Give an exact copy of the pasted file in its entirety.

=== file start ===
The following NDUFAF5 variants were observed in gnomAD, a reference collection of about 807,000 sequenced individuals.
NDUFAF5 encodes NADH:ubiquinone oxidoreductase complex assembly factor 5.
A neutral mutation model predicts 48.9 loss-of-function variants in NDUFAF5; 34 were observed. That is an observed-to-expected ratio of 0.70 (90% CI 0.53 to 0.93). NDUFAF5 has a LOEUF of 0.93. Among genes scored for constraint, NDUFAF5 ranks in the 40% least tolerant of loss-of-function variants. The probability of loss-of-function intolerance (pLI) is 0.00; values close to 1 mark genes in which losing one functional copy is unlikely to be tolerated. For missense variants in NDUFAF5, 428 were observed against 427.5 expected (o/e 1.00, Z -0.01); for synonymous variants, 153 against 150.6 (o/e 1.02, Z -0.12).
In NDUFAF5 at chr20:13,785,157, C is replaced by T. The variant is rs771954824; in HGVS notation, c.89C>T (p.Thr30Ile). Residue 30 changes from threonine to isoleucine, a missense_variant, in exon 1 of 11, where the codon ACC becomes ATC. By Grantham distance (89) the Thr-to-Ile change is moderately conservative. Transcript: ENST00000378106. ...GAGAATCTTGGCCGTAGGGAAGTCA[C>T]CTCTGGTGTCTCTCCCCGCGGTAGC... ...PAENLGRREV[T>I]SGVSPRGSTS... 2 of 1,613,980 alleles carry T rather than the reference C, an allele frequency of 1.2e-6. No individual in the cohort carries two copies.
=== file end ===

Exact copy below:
The following NDUFAF5 variants were observed in gnomAD, a reference collection of about 807,000 sequenced individuals.
NDUFAF5 encodes NADH:ubiquinone oxidoreductase complex assembly factor 5.
A neutral mutation model predicts 48.9 loss-of-function variants in NDUFAF5; 34 were observed. That is an observed-to-expected ratio of 0.70 (90% CI 0.53 to 0.93). NDUFAF5 has a LOEUF of 0.93. Among genes scored for constraint, NDUFAF5 ranks in the 40% least tolerant of loss-of-function variants. The probability of loss-of-function intolerance (pLI) is 0.00; values close to 1 mark genes in which losing one functional copy is unlikely to be tolerated. For missense variants in NDUFAF5, 428 were observed against 427.5 expected (o/e 1.00, Z -0.01); for synonymous variants, 153 against 150.6 (o/e 1.02, Z -0.12).
In NDUFAF5 at chr20:13,785,157, C is replaced by T. The variant is rs771954824; in HGVS notation, c.89C>T (p.Thr30Ile). Residue 30 changes from threonine to isoleucine, a missense_variant, in exon 1 of 11, where the codon ACC becomes ATC. By Grantham distance (89) the Thr-to-Ile change is moderately conservative. Transcript: ENST00000378106. ...GAGAATCTTGGCCGTAGGGAAGTCA[C>T]CTCTGGTGTCTCTCCCCGCGGTAGC... ...PAENLGRREV[T>I]SGVSPRGSTS... 2 of 1,613,980 alleles carry T rather than the reference C, an allele frequency of 1.2e-6. No individual in the cohort carries two copies.